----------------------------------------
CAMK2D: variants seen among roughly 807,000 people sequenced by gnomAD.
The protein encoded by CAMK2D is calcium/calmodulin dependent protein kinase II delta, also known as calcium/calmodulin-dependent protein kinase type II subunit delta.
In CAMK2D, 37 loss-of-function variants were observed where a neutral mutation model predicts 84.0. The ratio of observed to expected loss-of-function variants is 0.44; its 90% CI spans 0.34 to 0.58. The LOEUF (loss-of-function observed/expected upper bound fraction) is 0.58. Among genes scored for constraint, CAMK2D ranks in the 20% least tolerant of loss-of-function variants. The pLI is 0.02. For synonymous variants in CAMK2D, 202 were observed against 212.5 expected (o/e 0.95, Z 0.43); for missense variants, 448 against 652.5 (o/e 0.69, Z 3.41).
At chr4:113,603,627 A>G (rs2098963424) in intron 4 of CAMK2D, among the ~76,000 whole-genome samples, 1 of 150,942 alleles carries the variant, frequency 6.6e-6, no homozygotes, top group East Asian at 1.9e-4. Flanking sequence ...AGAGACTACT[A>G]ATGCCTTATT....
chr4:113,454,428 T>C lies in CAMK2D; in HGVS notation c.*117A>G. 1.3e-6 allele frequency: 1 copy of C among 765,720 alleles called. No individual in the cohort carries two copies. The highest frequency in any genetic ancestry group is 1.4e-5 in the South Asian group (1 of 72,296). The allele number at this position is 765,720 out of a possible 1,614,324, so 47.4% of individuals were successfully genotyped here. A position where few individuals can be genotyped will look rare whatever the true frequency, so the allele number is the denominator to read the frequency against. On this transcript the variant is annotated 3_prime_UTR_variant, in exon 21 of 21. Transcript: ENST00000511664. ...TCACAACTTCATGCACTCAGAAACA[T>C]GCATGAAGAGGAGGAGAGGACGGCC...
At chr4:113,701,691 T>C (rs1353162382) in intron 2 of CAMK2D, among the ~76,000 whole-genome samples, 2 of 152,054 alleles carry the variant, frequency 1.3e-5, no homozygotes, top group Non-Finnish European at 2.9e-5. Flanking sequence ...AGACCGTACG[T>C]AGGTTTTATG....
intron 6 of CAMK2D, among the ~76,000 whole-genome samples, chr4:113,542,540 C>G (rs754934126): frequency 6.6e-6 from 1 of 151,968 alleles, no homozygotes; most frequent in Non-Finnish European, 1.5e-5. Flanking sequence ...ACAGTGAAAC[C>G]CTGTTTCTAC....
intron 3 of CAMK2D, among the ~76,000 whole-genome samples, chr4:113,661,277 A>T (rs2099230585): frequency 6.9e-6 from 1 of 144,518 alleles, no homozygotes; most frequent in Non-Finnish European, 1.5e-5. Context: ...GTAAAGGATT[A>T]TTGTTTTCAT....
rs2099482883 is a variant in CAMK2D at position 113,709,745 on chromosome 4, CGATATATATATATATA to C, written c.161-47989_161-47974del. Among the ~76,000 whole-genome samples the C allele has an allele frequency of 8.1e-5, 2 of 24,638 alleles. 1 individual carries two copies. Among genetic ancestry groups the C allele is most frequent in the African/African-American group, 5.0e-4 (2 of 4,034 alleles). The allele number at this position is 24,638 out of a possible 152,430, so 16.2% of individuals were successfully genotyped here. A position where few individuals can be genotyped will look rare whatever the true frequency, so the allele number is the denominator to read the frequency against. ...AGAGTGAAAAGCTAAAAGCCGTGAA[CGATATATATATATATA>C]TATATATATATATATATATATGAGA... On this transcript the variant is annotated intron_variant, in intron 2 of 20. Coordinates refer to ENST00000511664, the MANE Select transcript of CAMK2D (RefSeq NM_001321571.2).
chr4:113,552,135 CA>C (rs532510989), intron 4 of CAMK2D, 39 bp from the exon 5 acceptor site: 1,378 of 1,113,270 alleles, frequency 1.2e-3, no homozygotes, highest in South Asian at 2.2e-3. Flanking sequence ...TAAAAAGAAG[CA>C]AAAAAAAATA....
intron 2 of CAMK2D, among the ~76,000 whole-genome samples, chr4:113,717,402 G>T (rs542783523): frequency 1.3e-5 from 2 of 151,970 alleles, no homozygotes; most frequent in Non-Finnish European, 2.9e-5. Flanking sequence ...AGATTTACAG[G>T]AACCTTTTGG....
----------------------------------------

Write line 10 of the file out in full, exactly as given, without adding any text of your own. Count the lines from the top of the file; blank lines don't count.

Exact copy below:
chr4:113,552,135 CA>C (rs532510989), intron 4 of CAMK2D, 39 bp from the exon 5 acceptor site: 1,378 of 1,113,270 alleles, frequency 1.2e-3, no homozygotes, highest in South Asian at 2.2e-3. Flanking sequence ...TAAAAAGAAG[CA>C]AAAAAAAATA....